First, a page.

INTERNATIONAL CHILD AND YOUTH CARE NETWORK
24 AUGUST 2001
A better definition of ‘at-risk youths’
Maybe we're the ones who put youth 'at risk'
As I walked to my bus after work, I noticed a man in a wheelchair struggling to cross Third Avenue. It was rush hour, the light had turned green, and he was clearly caught between the proverbial rock and hard spot. As my middle-aged mind moved into help mode, a teenager swooped into the middle of traffic and quickly steered the man to safety.
The young hero was dressed in black, head wrapped in a bandana, cap askew, and trousers hanging low. As circumstances would have it, this youth and I boarded the same bus bound for our homes in Southeast Seattle.
Once seated, I expressed appreciation to him for his act of kindness. He was cordial in his response, but seemed a bit startled by my approach to him. We talked awhile. He was indeed surprised. Surprised that I had noticed. Surprised that I had mentioned anything about what to him was simply the right thing to do. Surprised in fact that I, an unknown adult, spoke to him at all.
We spent some time on the topic of youth/adult relationships. He spoke of feeling misunderstood, feared, and invisible in the eyes of most adults. "They just expect me to do bad things to them, I guess, and I ain't like that at all."
His act of kindness validated his character in my mind. His experiences and attitudes about adults made me sad, for him and for us adults. I don't think this young man is exceptional in his perspective regarding youth/adult relationships.
Earlier this year, nearly 400 city youths from diverse neighborhoods, cultures and socioeconomic backgrounds attended focus-group meetings regarding Mardi Gras and youth violence. In each group, there was a strong feeling of alienation from adults, with many of the youths relating to similar experiences and feelings as the young man on the bus.
While these youths indicated a desire for strong adult guidance and structure, they made it clear that adults and our institutions (schools, police and media) are falling short in this regard.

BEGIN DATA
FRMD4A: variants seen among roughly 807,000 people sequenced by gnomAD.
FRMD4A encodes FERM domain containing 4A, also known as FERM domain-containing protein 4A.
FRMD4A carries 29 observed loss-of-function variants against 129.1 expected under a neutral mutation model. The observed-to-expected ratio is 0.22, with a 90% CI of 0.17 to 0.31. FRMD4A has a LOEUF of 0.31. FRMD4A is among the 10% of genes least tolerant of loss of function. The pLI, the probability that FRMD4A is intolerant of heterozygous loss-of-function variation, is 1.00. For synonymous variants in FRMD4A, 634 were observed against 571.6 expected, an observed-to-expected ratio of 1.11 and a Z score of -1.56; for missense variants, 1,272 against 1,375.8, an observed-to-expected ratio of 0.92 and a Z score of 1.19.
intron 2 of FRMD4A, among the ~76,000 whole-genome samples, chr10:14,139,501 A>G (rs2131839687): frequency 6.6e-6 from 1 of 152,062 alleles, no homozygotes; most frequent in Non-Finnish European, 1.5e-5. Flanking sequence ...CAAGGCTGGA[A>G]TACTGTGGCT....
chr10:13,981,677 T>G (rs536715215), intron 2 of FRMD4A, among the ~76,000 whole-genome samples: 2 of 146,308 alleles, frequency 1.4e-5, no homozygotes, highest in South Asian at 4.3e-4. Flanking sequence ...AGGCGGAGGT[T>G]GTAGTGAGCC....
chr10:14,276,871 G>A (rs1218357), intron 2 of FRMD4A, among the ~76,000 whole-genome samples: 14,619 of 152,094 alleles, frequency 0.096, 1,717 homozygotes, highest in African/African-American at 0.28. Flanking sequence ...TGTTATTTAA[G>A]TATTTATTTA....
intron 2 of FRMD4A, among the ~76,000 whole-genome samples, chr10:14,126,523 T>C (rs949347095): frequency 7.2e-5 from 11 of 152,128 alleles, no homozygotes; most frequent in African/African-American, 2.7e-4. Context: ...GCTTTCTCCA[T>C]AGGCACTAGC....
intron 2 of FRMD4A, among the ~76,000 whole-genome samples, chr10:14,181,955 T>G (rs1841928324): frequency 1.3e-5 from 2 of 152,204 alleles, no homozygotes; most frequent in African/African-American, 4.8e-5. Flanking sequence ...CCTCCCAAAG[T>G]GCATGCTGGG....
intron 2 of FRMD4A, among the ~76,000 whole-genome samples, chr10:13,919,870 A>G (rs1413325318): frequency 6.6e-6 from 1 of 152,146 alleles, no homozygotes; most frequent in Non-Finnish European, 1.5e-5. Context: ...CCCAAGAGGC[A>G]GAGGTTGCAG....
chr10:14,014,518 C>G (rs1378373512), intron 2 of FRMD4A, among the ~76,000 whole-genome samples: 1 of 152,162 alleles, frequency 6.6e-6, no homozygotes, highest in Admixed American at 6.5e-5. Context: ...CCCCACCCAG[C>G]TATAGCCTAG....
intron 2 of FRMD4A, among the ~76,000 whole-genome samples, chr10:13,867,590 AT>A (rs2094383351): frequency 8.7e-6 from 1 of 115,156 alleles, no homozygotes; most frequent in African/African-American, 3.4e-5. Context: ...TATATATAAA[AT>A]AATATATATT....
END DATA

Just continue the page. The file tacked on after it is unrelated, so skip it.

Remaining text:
Over the past five years, I've had the opportunity to work extensively with programs and systems that serve "at-risk youth." The term "at-risk youth" is generally used to describe youths who are at risk of failing in some major task that is necessary to assure a happy and productive life. Yet, in examining these systems, I'm inclined to think that a better definition is youths who are at risk of being failed by one or more adults or adult-driven system or institution.
“ ... a better definition (of 'at-risk youths') is youths who are at risk of being failed by one or more adults or adult-driven system or institution.”
When we lock kids up as punishment rather than for the sake of public safety, we fail our kids. When we are unable to implement effective multicultural curriculum in schools where a majority of children are from communities of color, we fail our kids. When we allow kids to be bombarded with violence as entertainment, we fail our kids. When we fear young people because of the way they dress, their music, and their overwhelmingly negative portrayal by the media, we fail to recognize the "hero" potential that each possesses.
Policymakers, educators, industry leaders and citizens must take serious stock in the direction our society is moving with regard to youth, and the role we can and must play in influencing it.
There are a number of promising movements or initiatives for youth happening within the city that are collaboratively sponsored by the Human Services Department.
Each of these initiatives strives to make seminal changes in program and policy approaches to services for children and youth. Proponents of each recognize how difficult such systems change can be, but also how necessary it is and what is at stake.
In the many hours spent reviewing innovative program models and research through a feasibility study conducted by the Reinvesting in Youth Initiative, it became clear to me that the science of prevention and intervention on behalf of kids is developing well. We have programs that can effectively change the behavior of kids in a positive manner.
The real challenge for meaningful, long-term systems change is: "Can we effectively change the behavior of adults?"
Harla Tumbleson is a manager in the Seattle Human Services Department's Family and Youth Services Division.
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